My biggest mistake as a creator: thinking I had an audience.

Joan Westenberg
3 min readNov 22, 2023
Photo by ConvertKit on Unsplash

The biggest mistake I have made as a creator is letting my ego, my ambition, and the shallowness of social media convince me that I had an “Audience” instead of a network.

It’s easy to become obsessed with the shallow popularity contest, with notions of influence and attention. And over the past few years, my work has become divorced from reality and drifted long way away from authenticity.

Social media platforms, with their algorithms and echo chambers, made it easy to believe that the numbers represented people eagerly awaiting my next post, my next big idea. It’s a mirage, a superficial layer that didn’t capture the depth of real human connections. But I can’t blame the platforms alone. My self-importance is equally responsible.

The term ‘Audience’ implies a one-way street — it suggests a group of passive listeners, viewers, or readers who are there to consume what I create. This perspective is not just limiting; it’s fundamentally flawed. It overlooks what it means to be a creator in the digital age: being part of a vibrant, interactive network.

A network, unlike an audience, is dynamic. It’s not broadcasting to a group of faceless spectators. It’s about engagement, exchange, and mutual growth. It involves listening as much as speaking and learning as much as teaching. In a network, every node and individual is a potential collaborator, source of inspiration, or a critical voice that can offer valuable feedback.

There are people on the other side of the screen. They don’t exist just to fill out our quota of 1,000 true fans. They don’t exist as data points on an analytics dashboard. And they have so much more to give than their attention and the time spent viewing a video or reading an article. I cannot and will not keep treating the people who find my work and engage with it as NPCs in a roleplaying game.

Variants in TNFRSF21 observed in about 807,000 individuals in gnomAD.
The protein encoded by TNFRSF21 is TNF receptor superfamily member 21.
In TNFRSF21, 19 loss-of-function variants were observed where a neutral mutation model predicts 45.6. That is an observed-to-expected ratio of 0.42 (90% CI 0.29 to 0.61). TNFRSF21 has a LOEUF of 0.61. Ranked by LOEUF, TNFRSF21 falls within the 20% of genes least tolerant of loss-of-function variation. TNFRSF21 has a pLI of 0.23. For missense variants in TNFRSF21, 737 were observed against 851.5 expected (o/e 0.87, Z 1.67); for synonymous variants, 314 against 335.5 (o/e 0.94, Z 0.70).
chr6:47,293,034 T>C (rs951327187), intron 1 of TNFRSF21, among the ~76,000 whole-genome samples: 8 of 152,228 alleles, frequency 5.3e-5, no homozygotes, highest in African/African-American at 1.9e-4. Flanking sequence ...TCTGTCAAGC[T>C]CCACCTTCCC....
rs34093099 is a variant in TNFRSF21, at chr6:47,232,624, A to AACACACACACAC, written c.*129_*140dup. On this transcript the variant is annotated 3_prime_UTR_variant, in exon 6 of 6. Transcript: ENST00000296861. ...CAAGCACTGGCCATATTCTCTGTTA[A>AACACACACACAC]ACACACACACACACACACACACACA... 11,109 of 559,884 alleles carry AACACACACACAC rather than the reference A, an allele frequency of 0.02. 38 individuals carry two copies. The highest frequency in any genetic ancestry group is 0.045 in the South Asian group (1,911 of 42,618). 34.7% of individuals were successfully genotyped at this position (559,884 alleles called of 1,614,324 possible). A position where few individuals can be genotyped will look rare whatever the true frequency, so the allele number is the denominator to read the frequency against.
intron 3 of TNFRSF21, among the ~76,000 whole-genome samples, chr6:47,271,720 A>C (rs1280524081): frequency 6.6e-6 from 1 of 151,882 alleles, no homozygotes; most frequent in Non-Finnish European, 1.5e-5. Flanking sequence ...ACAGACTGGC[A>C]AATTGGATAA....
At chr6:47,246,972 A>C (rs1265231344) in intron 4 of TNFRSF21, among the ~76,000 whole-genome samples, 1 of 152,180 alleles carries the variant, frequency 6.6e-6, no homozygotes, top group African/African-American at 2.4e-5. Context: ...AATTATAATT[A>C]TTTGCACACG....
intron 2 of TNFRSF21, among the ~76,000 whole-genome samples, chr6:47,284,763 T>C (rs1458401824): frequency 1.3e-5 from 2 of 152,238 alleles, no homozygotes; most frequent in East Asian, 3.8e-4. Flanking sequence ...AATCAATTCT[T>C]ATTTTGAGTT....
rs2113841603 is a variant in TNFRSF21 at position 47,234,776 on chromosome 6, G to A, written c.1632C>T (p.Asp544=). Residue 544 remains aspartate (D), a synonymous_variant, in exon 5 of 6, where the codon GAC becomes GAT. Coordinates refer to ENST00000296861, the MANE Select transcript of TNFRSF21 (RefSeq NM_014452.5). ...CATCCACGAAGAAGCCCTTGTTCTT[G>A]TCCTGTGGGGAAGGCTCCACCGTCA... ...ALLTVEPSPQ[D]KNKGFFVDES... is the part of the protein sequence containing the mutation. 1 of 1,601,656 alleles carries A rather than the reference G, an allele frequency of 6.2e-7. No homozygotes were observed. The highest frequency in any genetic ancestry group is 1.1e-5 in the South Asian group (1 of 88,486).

Realizing this has been a game-changer. It’s shifted my focus from seeking applause to fostering conversations. Instead of obsessing over the number of followers, I’m more interested in the quality of interactions I have with them. This approach has opened up new avenues for creativity and growth that I had previously overlooked, blinded by the glitter of superficial metrics. I spend more time talking to people than ever before. I spend more time listening, too. And I spend a lot of time learning. My ideas shift, change and grow with every interaction. There’s a deep richness that can’t be found in delusions of grandeur.

The shift has brought with it a sense of humility. You can get caught up in the numbers and believe your hype when your follower count is rising. But recognizing that each follower is a person with their own thoughts, experiences, and contributions is a reminder that I am part of something larger than myself and that my success is not just measured in likes or shares but in the impact I have on others, and the effect they have on me in return.

I am not — and do not wish to be — some kind of bulls**t internet celebrity. The path of the influencer seems frightfully lonely. I’m a writer. I write. When I find people who want to read my work, it’s not something to take for granted. It’s a gift, and it’s an honour, and it’s something that I cherish every day.